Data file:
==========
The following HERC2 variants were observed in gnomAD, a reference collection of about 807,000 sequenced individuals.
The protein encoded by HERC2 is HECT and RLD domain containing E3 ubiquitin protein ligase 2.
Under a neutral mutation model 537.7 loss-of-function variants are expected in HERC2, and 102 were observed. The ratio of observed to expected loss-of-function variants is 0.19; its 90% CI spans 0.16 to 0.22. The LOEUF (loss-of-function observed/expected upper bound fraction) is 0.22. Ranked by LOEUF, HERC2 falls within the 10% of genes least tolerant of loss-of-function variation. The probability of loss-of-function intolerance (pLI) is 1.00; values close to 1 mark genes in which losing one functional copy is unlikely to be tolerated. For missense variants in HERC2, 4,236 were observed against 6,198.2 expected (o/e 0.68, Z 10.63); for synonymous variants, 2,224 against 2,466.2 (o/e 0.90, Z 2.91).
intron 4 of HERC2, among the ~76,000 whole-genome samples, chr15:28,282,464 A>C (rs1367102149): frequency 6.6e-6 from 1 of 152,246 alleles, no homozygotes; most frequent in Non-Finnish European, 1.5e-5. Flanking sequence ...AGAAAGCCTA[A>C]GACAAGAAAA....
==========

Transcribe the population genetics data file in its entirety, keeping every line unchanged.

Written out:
The following HERC2 variants were observed in gnomAD, a reference collection of about 807,000 sequenced individuals.
The protein encoded by HERC2 is HECT and RLD domain containing E3 ubiquitin protein ligase 2.
Under a neutral mutation model 537.7 loss-of-function variants are expected in HERC2, and 102 were observed. The ratio of observed to expected loss-of-function variants is 0.19; its 90% CI spans 0.16 to 0.22. The LOEUF (loss-of-function observed/expected upper bound fraction) is 0.22. Ranked by LOEUF, HERC2 falls within the 10% of genes least tolerant of loss-of-function variation. The probability of loss-of-function intolerance (pLI) is 1.00; values close to 1 mark genes in which losing one functional copy is unlikely to be tolerated. For missense variants in HERC2, 4,236 were observed against 6,198.2 expected (o/e 0.68, Z 10.63); for synonymous variants, 2,224 against 2,466.2 (o/e 0.90, Z 2.91).
intron 4 of HERC2, among the ~76,000 whole-genome samples, chr15:28,282,464 A>C (rs1367102149): frequency 6.6e-6 from 1 of 152,246 alleles, no homozygotes; most frequent in Non-Finnish European, 1.5e-5. Flanking sequence ...AGAAAGCCTA[A>C]GACAAGAAAA....